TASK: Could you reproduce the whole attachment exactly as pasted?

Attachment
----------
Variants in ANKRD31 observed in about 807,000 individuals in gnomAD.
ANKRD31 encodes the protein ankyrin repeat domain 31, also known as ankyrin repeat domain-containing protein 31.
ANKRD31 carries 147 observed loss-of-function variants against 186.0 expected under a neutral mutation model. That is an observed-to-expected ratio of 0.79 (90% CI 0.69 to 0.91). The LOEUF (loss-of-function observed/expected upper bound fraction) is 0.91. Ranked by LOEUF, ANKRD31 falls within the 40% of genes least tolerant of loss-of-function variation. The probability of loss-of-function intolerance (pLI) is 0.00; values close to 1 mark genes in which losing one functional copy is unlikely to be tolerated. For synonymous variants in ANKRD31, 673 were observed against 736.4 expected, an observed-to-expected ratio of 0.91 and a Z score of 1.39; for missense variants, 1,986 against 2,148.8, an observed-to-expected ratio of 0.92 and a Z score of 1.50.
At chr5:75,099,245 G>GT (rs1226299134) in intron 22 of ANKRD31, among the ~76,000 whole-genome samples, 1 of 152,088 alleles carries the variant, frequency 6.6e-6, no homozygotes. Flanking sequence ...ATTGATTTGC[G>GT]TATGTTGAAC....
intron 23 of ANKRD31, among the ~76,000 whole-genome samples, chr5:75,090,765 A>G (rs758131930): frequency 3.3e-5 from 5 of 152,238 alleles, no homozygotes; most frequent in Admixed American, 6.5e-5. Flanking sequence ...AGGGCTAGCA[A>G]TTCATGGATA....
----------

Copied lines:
Variants in ANKRD31 observed in about 807,000 individuals in gnomAD.
ANKRD31 encodes the protein ankyrin repeat domain 31, also known as ankyrin repeat domain-containing protein 31.
ANKRD31 carries 147 observed loss-of-function variants against 186.0 expected under a neutral mutation model. That is an observed-to-expected ratio of 0.79 (90% CI 0.69 to 0.91). The LOEUF (loss-of-function observed/expected upper bound fraction) is 0.91. Ranked by LOEUF, ANKRD31 falls within the 40% of genes least tolerant of loss-of-function variation. The probability of loss-of-function intolerance (pLI) is 0.00; values close to 1 mark genes in which losing one functional copy is unlikely to be tolerated. For synonymous variants in ANKRD31, 673 were observed against 736.4 expected, an observed-to-expected ratio of 0.91 and a Z score of 1.39; for missense variants, 1,986 against 2,148.8, an observed-to-expected ratio of 0.92 and a Z score of 1.50.
At chr5:75,099,245 G>GT (rs1226299134) in intron 22 of ANKRD31, among the ~76,000 whole-genome samples, 1 of 152,088 alleles carries the variant, frequency 6.6e-6, no homozygotes. Flanking sequence ...ATTGATTTGC[G>GT]TATGTTGAAC....
intron 23 of ANKRD31, among the ~76,000 whole-genome samples, chr5:75,090,765 A>G (rs758131930): frequency 3.3e-5 from 5 of 152,238 alleles, no homozygotes; most frequent in Admixed American, 6.5e-5. Flanking sequence ...AGGGCTAGCA[A>G]TTCATGGATA....